Sorry for the long blogging absence – my partner and I went on a cruise through the Panama Canal and I’ve just now recovered.
Oh, the need for recuperation was not a result of the cruise itself. No flesh-eating viruses broke out onboard. And contrary to popular perception of what happens to me on cruise ships, I did not consume an entire seafood buffet and have to undergo mercury detox. (But really, wouldn’t it be worth it for 35 pounds of tuna sashimi?) Other than a bizarre vibration from the engines ten floors below that made the bed in our room feel like a Magic Fingers on crystal meth (which resulted in a swift room change and lots of delicious apology gifts from the cruise line), the trip was uneventful.
It was the return to reality that required medication and counseling.
You see, for the first time in years, I did not check email once during this vacation. (Okay, once, only to be sure that our house hadn’t burned down.) I did not check voicemail. We never turned on the news in our cabin. For all I knew, South Korea had nuked North Korea, unemployment had hit 90%, and terrorists had taken over the Mall of America and were forcing hostages to buy edible panties at Spencer’s Gifts.
Being the compulsive workaholic freak that I am, this is unheard of behavior. The ding of a new email or text message sends me flailing for the phone (conveniently velcroed to my liver) like a hamster getting electroshock. Being more than three feet away from the device causes tremors and hair loss. Last summer when we were in Northern Europe, I was checking email in Estonia, Russia, Finland, Germany and Sweden (where all the vodka makes obsessiveness particularly challenging).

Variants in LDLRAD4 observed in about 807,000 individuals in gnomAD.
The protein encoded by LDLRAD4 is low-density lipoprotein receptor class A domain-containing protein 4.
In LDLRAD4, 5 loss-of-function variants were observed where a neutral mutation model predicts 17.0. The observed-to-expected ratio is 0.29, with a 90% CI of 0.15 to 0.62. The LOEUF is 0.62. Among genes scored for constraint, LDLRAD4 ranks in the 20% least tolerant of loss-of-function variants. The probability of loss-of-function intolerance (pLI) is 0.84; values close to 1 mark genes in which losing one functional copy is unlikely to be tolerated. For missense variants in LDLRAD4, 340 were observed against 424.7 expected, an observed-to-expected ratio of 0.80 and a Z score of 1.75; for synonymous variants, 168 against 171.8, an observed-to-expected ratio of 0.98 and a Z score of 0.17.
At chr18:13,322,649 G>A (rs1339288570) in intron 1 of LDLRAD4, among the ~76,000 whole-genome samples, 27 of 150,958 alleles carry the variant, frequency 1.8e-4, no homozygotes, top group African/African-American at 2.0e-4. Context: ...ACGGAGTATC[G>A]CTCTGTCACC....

But unplugging this way was glorious. It’s not that I don’t care about my fellow man, mind you. To the contrary, I obsess about the state of the world constantly. It’s just that being so plugged all the time in means you’re in a constant state of anxiety. And spending twelve days with no concern larger than whether to have two desserts at dinner is pure, unadulterated bliss. It’s something akin to paradise. I returned from this trip more refreshed than I’ve felt since Carter was president.
As such, I’ve decided to extend this communications blackout into my everyday life. I’m going to boycott the evening news. I plan to avoid USA Today. I will shun the Facebook friend feed.
These small changes will give me a chance to stop and smell the roses and taste the sweet nectar of a slower, simpler life. They’ll help me rediscover the joy of worrying only about today, and only about things I can personally impact. They’ll make me a calmer, happier, more peaceful person.
But I should probably start slow. Maybe I’ll wait until 6 a.m. to check my email.